Directional couplers are commonly used to split power from the main line and signal monitoring and have very high isolation due to directivity. Tappers are used only occasionally to combine signals, but often to couple part of the signal. Directional couplers have limitations on bandwidth and technical challenges make the overall system design cost more expensive. Tappers offer the flexibility of deployment from Public Safety bands to unlicensed LAA bands (5.9GHz). Microlab tappers are the most economical choice for D-RAN deployments.
Design Concerns for Tappers in D-RAN Design for LAA
The primary concern in using a tapper instead of a directional coupler for a RAN designer would be the lack of directivity in tappers. For D-RAN applications, a tapper is well suited to replace a directional coupler as shown in the comparison table below. The lack of directivity in tappers affects only the uplink signals from the UE. We did an Ansoft simulation of a typical network deployment using different coupling value tappers and directional couplers, schematically shown, to show the comparison between the uplink signals. The schematic exhibits the power levels of uplink signal at the antenna. The isolation plots show the differentiation when using tappers vs directional couplers. We can see that -54dBm to -76dBm power level of uplink signal is coupled to the antenna from the tappers in series, which is higher than the coupler branch, due to lack of directivity. We can see from the insertion loss plots that the radio receives the uplink signal from all the antennas (connected to tappers/couplers) at a designed and desired power level. Uplink signals will not interfere with each other because the BBU/RRH will be locked on to the strongest uplink signal which will be the primary path where the UE is located.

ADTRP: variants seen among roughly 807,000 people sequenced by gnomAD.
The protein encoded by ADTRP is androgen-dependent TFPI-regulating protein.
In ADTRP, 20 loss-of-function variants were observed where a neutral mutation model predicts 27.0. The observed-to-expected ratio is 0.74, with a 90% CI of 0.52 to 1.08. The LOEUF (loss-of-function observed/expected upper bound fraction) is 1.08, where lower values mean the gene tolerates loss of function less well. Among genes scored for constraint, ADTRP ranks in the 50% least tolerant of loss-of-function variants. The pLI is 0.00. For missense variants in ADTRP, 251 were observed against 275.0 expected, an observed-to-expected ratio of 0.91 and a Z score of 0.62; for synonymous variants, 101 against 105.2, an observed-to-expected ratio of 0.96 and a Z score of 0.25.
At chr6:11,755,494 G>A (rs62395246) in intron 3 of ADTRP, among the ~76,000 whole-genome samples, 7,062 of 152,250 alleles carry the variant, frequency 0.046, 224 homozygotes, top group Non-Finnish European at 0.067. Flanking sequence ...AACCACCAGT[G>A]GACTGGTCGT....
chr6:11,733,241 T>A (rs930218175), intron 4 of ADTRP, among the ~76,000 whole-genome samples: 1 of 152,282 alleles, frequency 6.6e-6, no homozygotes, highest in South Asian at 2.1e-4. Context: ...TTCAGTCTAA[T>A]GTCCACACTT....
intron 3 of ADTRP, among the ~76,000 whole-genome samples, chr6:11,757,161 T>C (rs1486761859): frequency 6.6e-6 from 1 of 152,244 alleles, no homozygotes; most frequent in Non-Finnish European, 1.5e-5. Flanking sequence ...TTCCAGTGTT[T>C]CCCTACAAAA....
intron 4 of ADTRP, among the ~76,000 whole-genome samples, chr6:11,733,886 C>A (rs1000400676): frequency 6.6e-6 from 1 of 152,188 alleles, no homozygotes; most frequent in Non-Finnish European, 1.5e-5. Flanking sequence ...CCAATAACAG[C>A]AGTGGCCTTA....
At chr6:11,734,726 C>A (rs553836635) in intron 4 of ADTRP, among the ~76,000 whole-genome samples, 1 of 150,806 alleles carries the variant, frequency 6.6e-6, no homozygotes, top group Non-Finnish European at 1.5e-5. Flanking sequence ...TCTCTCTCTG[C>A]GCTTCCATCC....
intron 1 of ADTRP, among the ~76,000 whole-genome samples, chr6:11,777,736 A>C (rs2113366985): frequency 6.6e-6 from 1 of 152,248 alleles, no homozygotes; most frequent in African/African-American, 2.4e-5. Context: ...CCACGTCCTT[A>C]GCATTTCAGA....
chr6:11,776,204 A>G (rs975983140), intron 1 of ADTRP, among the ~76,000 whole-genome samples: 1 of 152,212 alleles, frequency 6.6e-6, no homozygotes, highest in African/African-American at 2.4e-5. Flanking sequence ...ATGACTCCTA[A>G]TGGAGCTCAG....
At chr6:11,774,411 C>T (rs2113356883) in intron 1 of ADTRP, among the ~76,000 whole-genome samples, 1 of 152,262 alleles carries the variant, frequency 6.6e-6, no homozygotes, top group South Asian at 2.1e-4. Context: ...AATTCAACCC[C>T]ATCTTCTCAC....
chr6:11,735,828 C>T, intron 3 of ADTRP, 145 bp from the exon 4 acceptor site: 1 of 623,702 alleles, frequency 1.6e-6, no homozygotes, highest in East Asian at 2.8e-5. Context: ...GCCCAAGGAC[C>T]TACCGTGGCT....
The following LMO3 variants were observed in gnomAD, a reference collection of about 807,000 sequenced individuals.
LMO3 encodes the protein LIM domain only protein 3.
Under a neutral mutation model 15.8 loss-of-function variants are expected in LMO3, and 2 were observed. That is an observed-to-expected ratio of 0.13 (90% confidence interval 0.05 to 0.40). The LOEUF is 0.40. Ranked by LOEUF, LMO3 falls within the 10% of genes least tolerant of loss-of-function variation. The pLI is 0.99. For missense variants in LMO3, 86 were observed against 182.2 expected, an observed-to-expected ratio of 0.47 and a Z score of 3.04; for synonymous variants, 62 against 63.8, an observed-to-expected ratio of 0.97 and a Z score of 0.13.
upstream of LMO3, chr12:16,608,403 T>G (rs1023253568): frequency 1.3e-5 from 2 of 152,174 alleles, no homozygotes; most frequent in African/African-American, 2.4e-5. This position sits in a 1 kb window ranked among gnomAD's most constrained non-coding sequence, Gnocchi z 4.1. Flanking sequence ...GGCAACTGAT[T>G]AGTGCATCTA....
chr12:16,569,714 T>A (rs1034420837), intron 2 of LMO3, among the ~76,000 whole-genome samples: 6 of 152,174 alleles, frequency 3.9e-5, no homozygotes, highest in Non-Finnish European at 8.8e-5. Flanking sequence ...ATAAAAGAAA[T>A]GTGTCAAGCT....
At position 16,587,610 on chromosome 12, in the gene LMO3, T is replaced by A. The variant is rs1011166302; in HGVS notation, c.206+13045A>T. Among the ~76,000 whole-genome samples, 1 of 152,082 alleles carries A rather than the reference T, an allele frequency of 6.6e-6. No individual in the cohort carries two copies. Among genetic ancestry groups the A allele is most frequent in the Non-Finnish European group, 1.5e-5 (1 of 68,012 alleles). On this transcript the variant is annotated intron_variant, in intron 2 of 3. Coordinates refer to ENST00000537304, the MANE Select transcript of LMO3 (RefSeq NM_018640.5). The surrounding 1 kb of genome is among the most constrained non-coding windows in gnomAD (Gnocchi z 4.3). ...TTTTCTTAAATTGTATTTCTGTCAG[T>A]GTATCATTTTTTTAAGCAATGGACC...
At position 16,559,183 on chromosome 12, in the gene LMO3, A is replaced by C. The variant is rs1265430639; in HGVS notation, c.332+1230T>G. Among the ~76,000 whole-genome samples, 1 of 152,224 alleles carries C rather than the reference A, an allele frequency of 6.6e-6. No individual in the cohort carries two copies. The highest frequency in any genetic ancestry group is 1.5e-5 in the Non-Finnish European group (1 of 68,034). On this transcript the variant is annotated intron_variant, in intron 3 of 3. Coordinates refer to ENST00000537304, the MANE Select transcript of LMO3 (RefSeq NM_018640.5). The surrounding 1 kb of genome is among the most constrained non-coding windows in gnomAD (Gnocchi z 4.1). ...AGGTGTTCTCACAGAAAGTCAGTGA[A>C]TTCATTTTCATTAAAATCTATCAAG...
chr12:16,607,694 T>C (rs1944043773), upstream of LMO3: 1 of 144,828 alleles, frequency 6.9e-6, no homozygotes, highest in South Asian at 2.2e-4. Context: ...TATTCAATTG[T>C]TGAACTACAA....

Return Loss is another concern that may impede the use of tappers vs directional couplers. This is severely mitigated in the D-RAN design as the standard coaxial cables used for RF transmission have a cable loss of approximately 0.5dB per meter. The reflected wave is attenuated due to the losses in the long runs of cables that are deployed. The concerns of a designer for using a tapper are assuaged due to these cables losses and the increased return loss.
Microlab Tappers split high power cellular signals in fixed ratios with minimal reflections or loss over the wireless cellular bands. The innovative design ensures an excellent input VSWR and coupling flatness across an ultra-wide band of frequency, even down to a 2:1 split. The lightweight and compact design facilitates mounting. Designed with only a few solder joints and an air dielectric, loss is minimized and reliability enhanced. Tappers provide much less isolation than a directional coupler on the return path, however, cable path losses alleviate any detrimental effects of this. Signal tappers have the benefit of easily realizable ultra-wide bandwidths. Tappers are well suited to replace directional couplers where directivity is not critical, to keep the deployment costs of D-RAN low and adopting the use of LAA.